Monday, September 1, 2008


Much as I love perennials which return year after year, this time of year I wouldn't be without my annuals, those plants which, although I have to plant them every year, grace my garden with color for several months with virtually no care at all past planting the seeds.
This first is a red leaf Castor Bean. Not much as a flower, but it is large with wonderful leaves. I have always collected the seeds to start in the greenhouse for plants to set out after frost, but this past year I kind of spaced it out and forgot to save any. To my surprise, where one of the plants was growing last summer a small forest of baby castor bean plants appeared this spring. I dug a lot and transplanted them all over the place. It it said that they repel moles, and we certainly need to do that around here, so I figure anything this pretty that also serves some useful purpose will always have a place in my garden.

There aren't all that many blue annuals that are really blue. Nigella, also known as Love in a Mist, also comes in a darker shade plus white. This one will self seed pretty reliably, though mine sort of ran out where it used to grow. I think it got too shady there. I replanted it in 2 places this year and am hoping it likes its home and returns for many years to come. It is a good cut flower.
I first grew nasturtiums when I was just 5 or 6 years old. At our school our only fundraiser each year was to sell flower seeds in the spring. I don't think I ever actually went out and sold any, just made my mother buy them all so we could plant then. There were 15 or 20 flowers plus radished and lettuce. I don't remember ever really getting any good lettuce, but I ate lots of radishes. One of the first ones I remember planting by myself were the nasturtium seeds, probably because they are so big. The packets now suggest soaking them overnight to speed germination. I've done it with and without soaking and don't notice all that much difference. The ones I have planted this year are just wonderful, even though the leaves have been attacked by something. There are so many flowers you don't even really notice that the leaves are less than perfect since they are pretty much covered up.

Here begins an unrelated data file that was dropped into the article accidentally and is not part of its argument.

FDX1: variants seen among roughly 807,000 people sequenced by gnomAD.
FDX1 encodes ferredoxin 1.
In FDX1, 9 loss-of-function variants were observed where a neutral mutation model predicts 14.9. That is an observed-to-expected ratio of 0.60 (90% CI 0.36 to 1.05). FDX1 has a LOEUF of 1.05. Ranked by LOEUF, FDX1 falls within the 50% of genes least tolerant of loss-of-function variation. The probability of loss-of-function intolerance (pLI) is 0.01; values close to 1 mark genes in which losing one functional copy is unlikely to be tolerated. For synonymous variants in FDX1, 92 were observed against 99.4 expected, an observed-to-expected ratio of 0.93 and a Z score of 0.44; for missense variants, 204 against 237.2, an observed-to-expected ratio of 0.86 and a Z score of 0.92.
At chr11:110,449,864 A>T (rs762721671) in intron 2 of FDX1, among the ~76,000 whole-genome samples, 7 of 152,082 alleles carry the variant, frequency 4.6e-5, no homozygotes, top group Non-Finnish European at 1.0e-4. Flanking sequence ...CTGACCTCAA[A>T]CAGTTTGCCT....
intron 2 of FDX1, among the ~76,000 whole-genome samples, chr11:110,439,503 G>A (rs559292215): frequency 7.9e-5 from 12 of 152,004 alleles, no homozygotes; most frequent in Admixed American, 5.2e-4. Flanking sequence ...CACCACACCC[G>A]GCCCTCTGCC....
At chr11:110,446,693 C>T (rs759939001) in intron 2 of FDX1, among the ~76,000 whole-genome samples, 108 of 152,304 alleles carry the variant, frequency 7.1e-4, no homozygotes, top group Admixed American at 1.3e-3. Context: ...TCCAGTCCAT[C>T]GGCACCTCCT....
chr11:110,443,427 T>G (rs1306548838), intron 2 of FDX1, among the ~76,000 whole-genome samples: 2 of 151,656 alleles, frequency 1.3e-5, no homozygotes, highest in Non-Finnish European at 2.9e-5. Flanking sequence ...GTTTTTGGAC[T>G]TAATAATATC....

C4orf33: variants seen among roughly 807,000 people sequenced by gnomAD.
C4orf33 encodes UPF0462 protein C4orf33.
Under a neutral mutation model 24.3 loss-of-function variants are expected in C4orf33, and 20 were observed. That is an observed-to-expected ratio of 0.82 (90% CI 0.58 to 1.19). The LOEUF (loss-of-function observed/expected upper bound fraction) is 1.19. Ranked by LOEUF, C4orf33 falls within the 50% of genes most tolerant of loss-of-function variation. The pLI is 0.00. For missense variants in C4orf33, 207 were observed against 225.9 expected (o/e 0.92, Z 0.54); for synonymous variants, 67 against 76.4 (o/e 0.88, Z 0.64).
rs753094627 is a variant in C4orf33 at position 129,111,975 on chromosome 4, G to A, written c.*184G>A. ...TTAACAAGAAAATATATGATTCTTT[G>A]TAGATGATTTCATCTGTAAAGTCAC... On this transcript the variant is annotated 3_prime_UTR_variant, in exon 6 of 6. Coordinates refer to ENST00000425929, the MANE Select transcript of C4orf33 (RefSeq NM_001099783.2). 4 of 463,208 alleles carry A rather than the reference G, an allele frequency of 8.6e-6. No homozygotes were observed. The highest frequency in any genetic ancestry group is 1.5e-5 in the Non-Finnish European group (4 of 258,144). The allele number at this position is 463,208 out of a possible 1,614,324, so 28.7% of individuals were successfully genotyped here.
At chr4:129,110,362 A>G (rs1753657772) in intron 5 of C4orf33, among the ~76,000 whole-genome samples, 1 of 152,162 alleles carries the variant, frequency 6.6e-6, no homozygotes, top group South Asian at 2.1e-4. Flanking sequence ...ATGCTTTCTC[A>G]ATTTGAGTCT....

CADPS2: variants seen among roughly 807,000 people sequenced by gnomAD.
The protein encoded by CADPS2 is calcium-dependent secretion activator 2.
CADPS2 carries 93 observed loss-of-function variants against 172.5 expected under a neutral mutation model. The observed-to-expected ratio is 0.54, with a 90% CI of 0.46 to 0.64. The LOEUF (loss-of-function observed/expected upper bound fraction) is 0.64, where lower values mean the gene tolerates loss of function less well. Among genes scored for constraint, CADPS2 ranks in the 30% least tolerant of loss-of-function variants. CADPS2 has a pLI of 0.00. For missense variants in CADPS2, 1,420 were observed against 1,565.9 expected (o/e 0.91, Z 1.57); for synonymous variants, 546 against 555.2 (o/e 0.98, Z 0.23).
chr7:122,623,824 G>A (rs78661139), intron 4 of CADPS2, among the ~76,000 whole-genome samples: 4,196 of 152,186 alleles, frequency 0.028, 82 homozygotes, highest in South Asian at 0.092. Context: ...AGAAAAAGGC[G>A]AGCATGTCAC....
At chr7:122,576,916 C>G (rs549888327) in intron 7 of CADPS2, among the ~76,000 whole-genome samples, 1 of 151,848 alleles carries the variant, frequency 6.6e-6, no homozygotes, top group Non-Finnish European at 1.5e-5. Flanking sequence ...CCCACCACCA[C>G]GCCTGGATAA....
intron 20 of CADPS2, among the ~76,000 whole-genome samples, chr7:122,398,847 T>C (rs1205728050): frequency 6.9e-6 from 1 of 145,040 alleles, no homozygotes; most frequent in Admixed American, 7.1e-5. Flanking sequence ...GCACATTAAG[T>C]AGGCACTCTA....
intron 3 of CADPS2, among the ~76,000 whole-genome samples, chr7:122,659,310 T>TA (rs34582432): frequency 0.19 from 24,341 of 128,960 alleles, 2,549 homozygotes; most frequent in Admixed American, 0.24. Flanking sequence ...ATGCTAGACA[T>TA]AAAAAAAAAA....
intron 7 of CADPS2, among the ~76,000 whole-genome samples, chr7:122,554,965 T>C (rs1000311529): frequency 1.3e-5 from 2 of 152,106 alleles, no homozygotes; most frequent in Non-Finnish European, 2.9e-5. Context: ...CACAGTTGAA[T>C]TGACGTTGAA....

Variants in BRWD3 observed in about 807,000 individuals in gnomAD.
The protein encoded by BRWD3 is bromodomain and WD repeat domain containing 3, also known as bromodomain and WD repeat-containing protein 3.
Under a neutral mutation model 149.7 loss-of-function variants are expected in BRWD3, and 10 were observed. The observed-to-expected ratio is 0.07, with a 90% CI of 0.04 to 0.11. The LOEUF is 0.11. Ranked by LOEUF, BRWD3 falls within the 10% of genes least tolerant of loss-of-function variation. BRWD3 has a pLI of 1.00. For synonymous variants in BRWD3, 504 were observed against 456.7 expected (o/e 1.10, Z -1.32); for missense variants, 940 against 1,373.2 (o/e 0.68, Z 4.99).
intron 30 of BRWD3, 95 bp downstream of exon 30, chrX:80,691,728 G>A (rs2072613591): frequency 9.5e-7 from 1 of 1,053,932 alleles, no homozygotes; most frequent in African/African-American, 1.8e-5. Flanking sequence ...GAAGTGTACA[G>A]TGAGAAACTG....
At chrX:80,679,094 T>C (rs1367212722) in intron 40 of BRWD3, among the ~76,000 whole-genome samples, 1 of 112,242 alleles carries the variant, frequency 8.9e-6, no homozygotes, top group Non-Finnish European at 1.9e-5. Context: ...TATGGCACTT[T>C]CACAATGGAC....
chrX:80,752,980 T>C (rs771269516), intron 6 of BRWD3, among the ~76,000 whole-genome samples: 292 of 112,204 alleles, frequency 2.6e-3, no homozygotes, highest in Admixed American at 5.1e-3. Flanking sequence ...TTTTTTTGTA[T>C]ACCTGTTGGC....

I started calendulas here the first summer after I moved here. It was a mixture called 'Art Shades' which ranged from cream through yellow through orange and anything in between. They self seed so I've never planted any more. Actually some years I have to thin them because they have gotten to be too much in the tree peony bed. After all these years I don't have many different colors any more, just the ones you see below which are more like the species.

This is a wonderful begonia called 'Charm'. It is not one I grow from seed, and am not sure it would come true from seed anyway. I make some cuttings in late summer and grow them either in the house or the greenhouse over the winter. In spring they usually have become a bit leggy and I make a lot of trimmings to root, either in water or with rooting hormone in individual pots of soil, and then I set them out after frost when it gets pretty warm. They do brighten up a border.

I don't remember planting this Amaranth, but it has been in its place near a pond for the last 3 years. I did have a multicolored one in another place in the garden once, so I suspect a bird or beastie planted this one for me. It is not too large and a nice contrast to the Salvia 'Argentia' growing behind it.

Although not pictured, I also have a patch of zinnias and marigolds, two others I always have growing here. I love being able to always have a vase of flowers on the table or on the kitchen windowsill, so depending on perennials this time of years would make that difficult. Tomorrow, the Nicotianas, a whole group of annuals which call my garden home, growing pretty much just where they please.

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